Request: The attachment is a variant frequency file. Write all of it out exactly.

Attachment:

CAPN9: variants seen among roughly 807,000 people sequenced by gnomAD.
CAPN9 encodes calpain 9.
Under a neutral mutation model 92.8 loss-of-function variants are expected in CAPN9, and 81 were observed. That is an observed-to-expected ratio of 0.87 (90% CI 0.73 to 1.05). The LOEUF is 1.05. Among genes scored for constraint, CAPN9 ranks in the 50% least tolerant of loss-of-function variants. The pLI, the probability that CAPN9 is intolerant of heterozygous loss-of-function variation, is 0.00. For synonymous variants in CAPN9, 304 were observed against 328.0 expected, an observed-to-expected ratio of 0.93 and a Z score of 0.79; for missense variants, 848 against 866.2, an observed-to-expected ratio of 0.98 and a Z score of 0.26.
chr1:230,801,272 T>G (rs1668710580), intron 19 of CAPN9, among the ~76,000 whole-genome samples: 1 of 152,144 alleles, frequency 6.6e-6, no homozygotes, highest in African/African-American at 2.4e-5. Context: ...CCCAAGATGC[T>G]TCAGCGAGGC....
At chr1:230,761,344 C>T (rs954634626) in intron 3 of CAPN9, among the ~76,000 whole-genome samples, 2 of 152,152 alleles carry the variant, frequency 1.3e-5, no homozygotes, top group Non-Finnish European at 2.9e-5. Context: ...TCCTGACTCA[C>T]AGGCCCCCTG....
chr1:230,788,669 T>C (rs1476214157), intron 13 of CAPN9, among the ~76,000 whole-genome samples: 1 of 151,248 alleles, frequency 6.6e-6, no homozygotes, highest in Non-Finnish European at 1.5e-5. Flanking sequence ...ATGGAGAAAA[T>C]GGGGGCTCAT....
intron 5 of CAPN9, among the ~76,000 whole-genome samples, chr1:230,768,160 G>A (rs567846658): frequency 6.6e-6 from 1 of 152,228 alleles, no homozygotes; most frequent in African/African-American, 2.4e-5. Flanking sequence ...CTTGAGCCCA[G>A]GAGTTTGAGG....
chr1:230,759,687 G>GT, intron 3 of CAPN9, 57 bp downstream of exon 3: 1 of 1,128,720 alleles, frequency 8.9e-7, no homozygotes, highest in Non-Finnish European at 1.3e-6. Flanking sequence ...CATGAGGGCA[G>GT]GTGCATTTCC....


CAPN9: variants seen among roughly 807,000 people sequenced by gnomAD.
CAPN9 encodes calpain 9.
Under a neutral mutation model 92.8 loss-of-function variants are expected in CAPN9, and 81 were observed. That is an observed-to-expected ratio of 0.87 (90% CI 0.73 to 1.05). The LOEUF is 1.05. Among genes scored for constraint, CAPN9 ranks in the 50% least tolerant of loss-of-function variants. The pLI, the probability that CAPN9 is intolerant of heterozygous loss-of-function variation, is 0.00. For synonymous variants in CAPN9, 304 were observed against 328.0 expected, an observed-to-expected ratio of 0.93 and a Z score of 0.79; for missense variants, 848 against 866.2, an observed-to-expected ratio of 0.98 and a Z score of 0.26.
chr1:230,801,272 T>G (rs1668710580), intron 19 of CAPN9, among the ~76,000 whole-genome samples: 1 of 152,144 alleles, frequency 6.6e-6, no homozygotes, highest in African/African-American at 2.4e-5. Context: ...CCCAAGATGC[T>G]TCAGCGAGGC....
At chr1:230,761,344 C>T (rs954634626) in intron 3 of CAPN9, among the ~76,000 whole-genome samples, 2 of 152,152 alleles carry the variant, frequency 1.3e-5, no homozygotes, top group Non-Finnish European at 2.9e-5. Context: ...TCCTGACTCA[C>T]AGGCCCCCTG....
chr1:230,788,669 T>C (rs1476214157), intron 13 of CAPN9, among the ~76,000 whole-genome samples: 1 of 151,248 alleles, frequency 6.6e-6, no homozygotes, highest in Non-Finnish European at 1.5e-5. Flanking sequence ...ATGGAGAAAA[T>C]GGGGGCTCAT....
intron 5 of CAPN9, among the ~76,000 whole-genome samples, chr1:230,768,160 G>A (rs567846658): frequency 6.6e-6 from 1 of 152,228 alleles, no homozygotes; most frequent in African/African-American, 2.4e-5. Flanking sequence ...CTTGAGCCCA[G>A]GAGTTTGAGG....
chr1:230,759,687 G>GT, intron 3 of CAPN9, 57 bp downstream of exon 3: 1 of 1,128,720 alleles, frequency 8.9e-7, no homozygotes, highest in Non-Finnish European at 1.3e-6. Flanking sequence ...CATGAGGGCA[G>GT]GTGCATTTCC....